Belle of Liberty

Letting Freedom Ring

Friday, May 27, 2011

RIP RGGI: Not in Our Backyard

Yesterday, New Jersey Gov. Chris Christie put the nail on the coffin of the 10-state Regional Greenhouse Gas Initiative (RGGI) in New Jersey, declaring that the initiative is a “failure.”

“RGGI has not changed behavior and it does not reduce emissions,” the governor said at a Trenton news conference. “RGGI does nothing more than tax electricity, tax our citizens, tax our businesses, with no discernable or measurable impact upon our environment.”

New Jersey is the first state to opt out of the program. Liberal environmentalists fear New Jersey’s withdrawal could serve as a model for other states to withdraw. According to the Bergen Record “similar efforts in New Hampshire, Maine, and Delaware were met with resistance in recent weeks.” The Record is unclear who put up the resistance in those states: the environmentalists or the Tea Party activists.

Here in New Jersey, we know who put up the resistance: Steve Lonagan and the Americans for Prosperity group. Everyone who was worried about their electricity rates skyrocketing this summer, from businesses to senior citizens facing the prospect of having to shut off their air conditioners, owes Lonagan and the AFP a debt of gratitude. Whew!

New Jersey was put on the RGGI hot seat in 2008 by former Gov. Jon Corzine. RGGI is a cap-and-trade program the Garden State participated in with nine other Northeastern states. The goal is to reduce carbon emissions 10 percent by 2018. Just how they figured on accomplishing that goal by shutting off air conditioning for the elderly and for people working in office buildings with no windows that open is the stuff of fairy tales.

The way RGGI works is that each power company must buy a carbon “allowance” from the state for every ton of carbon it emits. The allowances are purchased through periodic auctions, and the rate fluctuates based on market conditions – and weather conditions. Combined, the states have “earned” more than $860 million through the 11 auctions held so far. New Jersey has earned $102 million.

The Record complains that under state law, those revenues are supposed to be used for greenhouse gas emissions programs, such as those that promote energy efficiency, reduce electricity demand, and preserve forest and tidal marshes. You must be blinking your eyes by now. Save forests and marshes (which breed mosquitoes)? But only $30 million has been spent on clean energy, while Gov. Christie used $65 million in RGGI funds to balance the state budget.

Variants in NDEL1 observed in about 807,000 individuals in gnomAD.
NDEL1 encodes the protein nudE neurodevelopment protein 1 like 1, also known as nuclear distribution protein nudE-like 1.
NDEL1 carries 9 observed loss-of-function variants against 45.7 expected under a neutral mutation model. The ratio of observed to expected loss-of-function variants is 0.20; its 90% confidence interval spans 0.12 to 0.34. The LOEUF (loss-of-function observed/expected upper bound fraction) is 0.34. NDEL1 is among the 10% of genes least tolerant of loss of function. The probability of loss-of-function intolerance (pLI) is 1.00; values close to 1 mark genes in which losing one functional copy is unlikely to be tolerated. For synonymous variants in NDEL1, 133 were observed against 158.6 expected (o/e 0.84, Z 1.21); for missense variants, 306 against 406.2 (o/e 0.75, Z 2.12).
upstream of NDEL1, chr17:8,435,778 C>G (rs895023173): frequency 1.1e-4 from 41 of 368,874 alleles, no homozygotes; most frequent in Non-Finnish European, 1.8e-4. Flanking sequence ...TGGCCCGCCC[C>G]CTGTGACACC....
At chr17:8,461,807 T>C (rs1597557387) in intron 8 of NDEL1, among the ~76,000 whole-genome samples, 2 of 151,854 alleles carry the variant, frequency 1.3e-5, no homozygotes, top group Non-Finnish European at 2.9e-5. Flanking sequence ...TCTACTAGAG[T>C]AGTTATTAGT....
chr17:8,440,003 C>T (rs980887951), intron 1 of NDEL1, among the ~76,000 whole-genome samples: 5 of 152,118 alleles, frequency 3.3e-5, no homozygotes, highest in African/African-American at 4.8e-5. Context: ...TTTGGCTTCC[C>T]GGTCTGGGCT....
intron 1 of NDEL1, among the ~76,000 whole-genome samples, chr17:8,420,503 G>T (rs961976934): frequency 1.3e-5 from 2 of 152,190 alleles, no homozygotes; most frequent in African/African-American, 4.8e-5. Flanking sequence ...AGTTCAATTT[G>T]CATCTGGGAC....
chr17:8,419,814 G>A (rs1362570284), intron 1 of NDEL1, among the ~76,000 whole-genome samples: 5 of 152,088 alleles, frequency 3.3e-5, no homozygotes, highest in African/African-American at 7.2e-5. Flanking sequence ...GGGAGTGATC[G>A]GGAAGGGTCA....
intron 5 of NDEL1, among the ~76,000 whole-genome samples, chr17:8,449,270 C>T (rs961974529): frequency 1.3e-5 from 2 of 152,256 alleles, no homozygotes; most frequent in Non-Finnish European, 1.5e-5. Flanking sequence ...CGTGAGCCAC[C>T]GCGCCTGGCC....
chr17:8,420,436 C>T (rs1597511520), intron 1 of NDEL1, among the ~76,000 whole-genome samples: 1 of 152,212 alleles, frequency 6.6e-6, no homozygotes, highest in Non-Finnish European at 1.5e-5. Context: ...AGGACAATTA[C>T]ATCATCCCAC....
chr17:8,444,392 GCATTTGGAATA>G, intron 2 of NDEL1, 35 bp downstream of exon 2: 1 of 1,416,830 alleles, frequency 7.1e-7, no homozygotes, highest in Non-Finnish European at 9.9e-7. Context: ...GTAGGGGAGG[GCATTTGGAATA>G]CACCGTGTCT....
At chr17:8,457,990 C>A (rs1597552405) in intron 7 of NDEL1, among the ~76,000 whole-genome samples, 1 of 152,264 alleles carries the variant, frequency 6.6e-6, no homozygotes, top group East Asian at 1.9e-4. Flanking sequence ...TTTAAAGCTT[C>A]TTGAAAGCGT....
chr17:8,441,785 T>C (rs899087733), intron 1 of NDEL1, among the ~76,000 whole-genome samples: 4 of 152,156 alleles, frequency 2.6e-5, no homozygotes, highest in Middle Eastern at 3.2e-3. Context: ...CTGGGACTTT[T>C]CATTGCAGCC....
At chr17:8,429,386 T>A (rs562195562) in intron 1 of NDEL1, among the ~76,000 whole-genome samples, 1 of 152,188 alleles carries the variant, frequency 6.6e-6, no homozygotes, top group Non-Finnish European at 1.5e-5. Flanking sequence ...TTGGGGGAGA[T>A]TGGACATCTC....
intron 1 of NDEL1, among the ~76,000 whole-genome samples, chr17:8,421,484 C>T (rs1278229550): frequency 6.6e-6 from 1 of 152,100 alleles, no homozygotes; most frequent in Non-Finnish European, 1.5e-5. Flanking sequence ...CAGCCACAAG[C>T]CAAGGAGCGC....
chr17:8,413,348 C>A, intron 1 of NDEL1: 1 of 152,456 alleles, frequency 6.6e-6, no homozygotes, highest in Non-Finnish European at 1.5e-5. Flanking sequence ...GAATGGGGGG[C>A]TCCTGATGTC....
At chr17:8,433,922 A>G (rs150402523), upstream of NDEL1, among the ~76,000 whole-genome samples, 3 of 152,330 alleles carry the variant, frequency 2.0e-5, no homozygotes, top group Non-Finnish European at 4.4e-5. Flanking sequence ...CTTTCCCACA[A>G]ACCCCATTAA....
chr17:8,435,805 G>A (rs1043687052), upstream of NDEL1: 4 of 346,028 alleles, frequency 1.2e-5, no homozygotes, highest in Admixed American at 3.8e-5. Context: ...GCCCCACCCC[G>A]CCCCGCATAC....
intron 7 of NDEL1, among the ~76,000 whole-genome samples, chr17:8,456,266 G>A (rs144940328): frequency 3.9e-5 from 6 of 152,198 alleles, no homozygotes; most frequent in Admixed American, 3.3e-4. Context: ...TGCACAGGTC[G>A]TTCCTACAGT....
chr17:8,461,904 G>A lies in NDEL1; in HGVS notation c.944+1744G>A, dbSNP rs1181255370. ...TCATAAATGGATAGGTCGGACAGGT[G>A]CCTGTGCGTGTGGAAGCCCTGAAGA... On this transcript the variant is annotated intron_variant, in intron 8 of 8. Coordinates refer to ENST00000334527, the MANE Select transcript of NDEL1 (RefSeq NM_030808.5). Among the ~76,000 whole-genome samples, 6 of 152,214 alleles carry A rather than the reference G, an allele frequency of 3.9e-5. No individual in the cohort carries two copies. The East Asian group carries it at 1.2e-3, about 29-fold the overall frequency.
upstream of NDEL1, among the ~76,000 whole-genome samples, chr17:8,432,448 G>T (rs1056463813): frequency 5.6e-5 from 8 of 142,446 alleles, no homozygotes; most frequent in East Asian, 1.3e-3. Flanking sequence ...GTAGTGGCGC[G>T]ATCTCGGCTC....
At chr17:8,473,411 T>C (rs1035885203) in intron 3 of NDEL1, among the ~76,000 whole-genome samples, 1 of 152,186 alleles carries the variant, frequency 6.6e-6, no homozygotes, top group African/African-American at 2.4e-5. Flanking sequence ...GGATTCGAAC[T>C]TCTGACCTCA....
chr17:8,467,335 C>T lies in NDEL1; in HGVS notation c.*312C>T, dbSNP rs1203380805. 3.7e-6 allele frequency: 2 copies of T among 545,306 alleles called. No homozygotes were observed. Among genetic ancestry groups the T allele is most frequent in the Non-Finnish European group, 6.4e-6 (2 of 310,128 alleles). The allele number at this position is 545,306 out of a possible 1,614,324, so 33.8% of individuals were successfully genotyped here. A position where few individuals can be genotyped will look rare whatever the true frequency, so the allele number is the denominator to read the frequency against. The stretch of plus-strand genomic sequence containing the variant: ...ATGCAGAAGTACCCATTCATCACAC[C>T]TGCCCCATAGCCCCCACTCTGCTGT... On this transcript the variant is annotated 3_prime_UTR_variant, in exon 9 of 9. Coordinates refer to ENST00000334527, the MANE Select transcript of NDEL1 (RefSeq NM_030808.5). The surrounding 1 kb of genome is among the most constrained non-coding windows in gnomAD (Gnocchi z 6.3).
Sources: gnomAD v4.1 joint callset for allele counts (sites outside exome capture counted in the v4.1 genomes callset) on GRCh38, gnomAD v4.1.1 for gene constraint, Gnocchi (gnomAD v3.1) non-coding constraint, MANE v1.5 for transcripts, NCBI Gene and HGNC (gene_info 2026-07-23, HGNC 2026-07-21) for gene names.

That sounds pretty “green” to me. Good for Gov. Christie. Now that’s the way to govern. Of course, the Record and the environmentalists tried to portray themselves as victorious, with 12 projects geared towards helping businesses install solar panels. My brother’s company has installed solar panels, although I don’t know whether his company invested their own funds in the project, accepted a tax break (which would be okay), or whether they accepted actual money. But it sounds like greenmail to me.

The Sierra Club insisted the cap-and-trade scheme would only result in a one percent increase in electric rates. There is of course a “villain” in their version of this “scheme” – David Koch (pronounced “coke”), an owner of Koch Industries, Inc., a private energy conglomerate that specializes in refining petroleum. According to the Record, RGGI’s defeat in New Jersey is the “fault’ of Koch’s $2.7 million contributes to 26 AFP chapters in New Jersey in 2009.

This victory for Christie puts more pressure on him to run for president in 2012. He keeps refusing, modestly, saying that he has to fix New Jersey. He’s been succeeding and the more he succeeds, the more appealing he is as a GOP presidential candidate, especially against a field of, for the most part, weaker or not-yet-ready for primary time players.

What can a guy do? If you’ve got the right stuff, Gov. Christie, you’ve got the right stuff. Don’t hide your light under a bushel of modesty. You must have the right stuff if Obama's henchman are looking for the "wrong stuff" on you.  If you do run and are elected, you might want to think about Mr. Koch as your Secretary of Energy.



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